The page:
Professor Simon Tait

Department of Civil and Structural Engineering

Professor of Water Engineering

Headshot of Simon Tait
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+44 114 222 5771

Full contact details

Professor Simon Tait
Department of Civil and Structural Engineering
Room MezC6a
Sir Frederick Mappin Building (Broad Lane Building)
Mappin Street
S1 3JD

My research results in improved measurement and management methodologies to allow urban water infrastructure systems to cope better with pressures caused by climate change, changing patterns of use and physical deterioration.

Professor Simon Tait

Some of Simon’s research focuses on how sediments and pollutants get into water networks and environments; specifically, the processes associated with erosion, transportation and deposition of sediment in river and urban drainage systems. This has evolved to the study of near-bed turbulence and how this interacts with water surfaces waves, offering the potential for the measurement of river and in-pipe turbulence from observations of the water surface.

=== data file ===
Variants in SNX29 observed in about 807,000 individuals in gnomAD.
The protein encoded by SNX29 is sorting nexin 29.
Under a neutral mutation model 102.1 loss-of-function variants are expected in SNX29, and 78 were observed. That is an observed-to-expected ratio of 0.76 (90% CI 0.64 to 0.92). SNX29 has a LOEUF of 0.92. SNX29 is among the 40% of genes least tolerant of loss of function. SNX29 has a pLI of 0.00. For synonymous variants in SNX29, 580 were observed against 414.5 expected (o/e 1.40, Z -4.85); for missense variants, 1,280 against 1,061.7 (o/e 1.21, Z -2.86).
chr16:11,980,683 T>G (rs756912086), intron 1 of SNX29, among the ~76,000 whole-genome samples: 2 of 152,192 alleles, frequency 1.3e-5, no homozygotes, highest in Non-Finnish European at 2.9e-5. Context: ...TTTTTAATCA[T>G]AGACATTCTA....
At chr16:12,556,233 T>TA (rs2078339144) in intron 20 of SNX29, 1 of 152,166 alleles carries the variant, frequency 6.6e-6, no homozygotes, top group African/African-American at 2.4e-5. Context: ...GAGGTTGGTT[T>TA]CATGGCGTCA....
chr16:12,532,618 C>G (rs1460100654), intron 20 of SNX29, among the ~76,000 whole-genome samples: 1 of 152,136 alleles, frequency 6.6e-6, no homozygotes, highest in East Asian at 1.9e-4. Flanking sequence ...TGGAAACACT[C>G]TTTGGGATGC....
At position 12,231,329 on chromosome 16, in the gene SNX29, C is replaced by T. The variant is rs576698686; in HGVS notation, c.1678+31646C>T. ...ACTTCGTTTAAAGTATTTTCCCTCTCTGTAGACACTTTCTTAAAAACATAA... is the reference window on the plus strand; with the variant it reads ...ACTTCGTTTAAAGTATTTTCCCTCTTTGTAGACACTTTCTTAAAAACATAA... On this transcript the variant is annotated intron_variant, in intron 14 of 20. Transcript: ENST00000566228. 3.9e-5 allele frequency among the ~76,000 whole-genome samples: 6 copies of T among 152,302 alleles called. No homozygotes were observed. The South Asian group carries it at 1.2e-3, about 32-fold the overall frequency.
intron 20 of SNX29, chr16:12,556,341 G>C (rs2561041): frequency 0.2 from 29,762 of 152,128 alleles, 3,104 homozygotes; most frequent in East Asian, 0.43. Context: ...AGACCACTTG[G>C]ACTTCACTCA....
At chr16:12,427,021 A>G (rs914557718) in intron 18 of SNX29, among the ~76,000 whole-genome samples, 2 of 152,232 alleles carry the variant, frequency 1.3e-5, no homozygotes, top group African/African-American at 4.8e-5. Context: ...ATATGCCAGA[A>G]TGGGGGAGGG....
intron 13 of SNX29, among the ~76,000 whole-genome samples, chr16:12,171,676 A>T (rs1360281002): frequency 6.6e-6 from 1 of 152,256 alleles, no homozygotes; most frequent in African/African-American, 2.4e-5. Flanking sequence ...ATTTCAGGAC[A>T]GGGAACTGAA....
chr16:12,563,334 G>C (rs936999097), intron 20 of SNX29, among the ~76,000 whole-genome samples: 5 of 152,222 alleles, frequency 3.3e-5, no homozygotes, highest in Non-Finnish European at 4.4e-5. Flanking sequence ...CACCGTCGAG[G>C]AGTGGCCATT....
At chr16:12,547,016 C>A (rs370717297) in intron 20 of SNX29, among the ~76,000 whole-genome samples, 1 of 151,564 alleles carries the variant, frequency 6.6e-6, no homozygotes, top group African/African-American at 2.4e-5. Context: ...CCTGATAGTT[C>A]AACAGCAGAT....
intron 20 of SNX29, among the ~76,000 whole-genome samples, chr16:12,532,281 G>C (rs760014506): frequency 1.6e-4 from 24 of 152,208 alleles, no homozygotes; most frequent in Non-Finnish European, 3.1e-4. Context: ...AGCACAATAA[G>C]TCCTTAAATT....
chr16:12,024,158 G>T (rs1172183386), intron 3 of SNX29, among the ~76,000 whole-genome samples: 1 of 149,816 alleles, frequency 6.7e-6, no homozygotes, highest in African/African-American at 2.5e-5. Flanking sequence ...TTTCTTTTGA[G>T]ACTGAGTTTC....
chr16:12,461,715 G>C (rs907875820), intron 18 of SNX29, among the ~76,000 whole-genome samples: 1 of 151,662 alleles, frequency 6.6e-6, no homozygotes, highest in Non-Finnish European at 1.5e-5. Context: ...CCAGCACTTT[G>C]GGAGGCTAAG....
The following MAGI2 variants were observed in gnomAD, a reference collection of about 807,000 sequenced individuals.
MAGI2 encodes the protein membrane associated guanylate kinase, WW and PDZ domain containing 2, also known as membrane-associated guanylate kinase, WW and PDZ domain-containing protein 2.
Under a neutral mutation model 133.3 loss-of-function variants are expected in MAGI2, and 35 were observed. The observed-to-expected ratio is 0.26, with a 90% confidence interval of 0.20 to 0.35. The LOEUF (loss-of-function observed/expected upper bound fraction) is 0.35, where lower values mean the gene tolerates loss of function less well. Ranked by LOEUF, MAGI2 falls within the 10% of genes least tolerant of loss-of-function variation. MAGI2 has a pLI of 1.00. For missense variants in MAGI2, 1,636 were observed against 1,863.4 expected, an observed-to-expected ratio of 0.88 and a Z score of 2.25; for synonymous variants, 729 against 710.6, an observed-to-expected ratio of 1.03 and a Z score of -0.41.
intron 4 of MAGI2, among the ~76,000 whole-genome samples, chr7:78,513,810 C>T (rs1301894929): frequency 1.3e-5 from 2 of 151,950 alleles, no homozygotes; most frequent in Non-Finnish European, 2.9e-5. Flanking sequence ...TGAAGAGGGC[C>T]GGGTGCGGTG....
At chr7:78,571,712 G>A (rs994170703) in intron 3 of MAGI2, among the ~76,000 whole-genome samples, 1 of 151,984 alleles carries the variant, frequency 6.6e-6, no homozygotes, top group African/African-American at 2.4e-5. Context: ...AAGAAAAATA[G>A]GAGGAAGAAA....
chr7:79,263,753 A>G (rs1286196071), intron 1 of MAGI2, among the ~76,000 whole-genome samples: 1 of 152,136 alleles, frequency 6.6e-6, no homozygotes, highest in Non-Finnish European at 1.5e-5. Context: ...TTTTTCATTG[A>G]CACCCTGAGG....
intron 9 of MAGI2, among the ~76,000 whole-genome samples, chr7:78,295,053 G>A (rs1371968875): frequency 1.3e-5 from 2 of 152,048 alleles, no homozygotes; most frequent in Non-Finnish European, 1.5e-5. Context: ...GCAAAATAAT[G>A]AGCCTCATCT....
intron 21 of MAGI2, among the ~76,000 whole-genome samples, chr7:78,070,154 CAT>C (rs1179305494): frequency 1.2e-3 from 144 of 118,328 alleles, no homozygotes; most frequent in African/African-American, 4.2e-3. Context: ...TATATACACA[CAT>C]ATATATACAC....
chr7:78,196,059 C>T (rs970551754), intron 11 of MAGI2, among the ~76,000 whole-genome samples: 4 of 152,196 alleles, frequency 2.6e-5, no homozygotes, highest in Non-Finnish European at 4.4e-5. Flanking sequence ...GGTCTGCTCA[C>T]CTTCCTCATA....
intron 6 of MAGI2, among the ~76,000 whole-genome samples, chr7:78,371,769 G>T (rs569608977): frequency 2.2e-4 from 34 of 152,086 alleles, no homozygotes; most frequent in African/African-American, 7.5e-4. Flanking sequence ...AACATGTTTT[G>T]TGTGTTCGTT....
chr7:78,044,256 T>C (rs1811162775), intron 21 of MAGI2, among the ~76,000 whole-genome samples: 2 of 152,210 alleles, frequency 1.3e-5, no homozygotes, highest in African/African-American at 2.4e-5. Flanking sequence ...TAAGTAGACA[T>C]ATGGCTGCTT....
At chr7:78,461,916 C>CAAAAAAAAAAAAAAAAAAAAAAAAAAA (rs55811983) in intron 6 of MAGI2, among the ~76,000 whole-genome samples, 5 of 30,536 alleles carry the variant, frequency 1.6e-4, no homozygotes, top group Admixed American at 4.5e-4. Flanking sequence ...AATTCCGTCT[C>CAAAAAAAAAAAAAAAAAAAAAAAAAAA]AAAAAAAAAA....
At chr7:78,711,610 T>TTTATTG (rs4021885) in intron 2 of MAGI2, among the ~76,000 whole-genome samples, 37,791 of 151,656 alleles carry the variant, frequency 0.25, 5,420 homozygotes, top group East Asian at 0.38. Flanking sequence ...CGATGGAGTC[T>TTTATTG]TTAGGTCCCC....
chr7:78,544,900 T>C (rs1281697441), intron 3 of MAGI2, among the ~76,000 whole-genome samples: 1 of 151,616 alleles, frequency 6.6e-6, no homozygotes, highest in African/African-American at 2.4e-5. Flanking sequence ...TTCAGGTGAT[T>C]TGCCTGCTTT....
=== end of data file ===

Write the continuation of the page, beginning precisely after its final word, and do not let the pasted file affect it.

When sewers fail due to the system filling up or blockages, they can overflow into rivers and urban environments which is biologically damaging and can be detrimental to the aquatic ecology. By working to ensure better management of sewer and drainage networks, Simon aims to prevents this and minimise the resources spent on maintaining sewers and clean-up. He uses lab experiments and surrogate or real sediments as well as numerical modelling to discover how sediments and pollutants move within networks and rivers. By understanding how sediments and networks perform, better decisions can be made to ensure the safety of the urban drainage systems that serve large sections of the population.

Simon is involved in the development of novel inspection techniques to allow the large sewer and drainage networks to be better managed as they face increased pressures from climate change and deterioration. He helped form a spin-out instrumentation company with Professor Kirill Horoshenkov, which uses acoustic-based instruments to search for defects in pipes.


Journal articles

Research group

SuDS (Sustainable Drainage Systems) and Urban Drainage

Environmental Fluid Mechanics


View all research projects

Past Grants

Grand Challenge for Water

The EPSRC-funded Grand Challenge Centre for Water, comprising 6 UK universities and 100+ industrial partners working in collaboration to develop the sustainable water solutions of the future and to accelerate innovation uptake across the water sector.

Potential PhD offerings

Unfortunately I am not seeking any PhD Students at this time, however please contact me if you are interested in doing a project in my research area.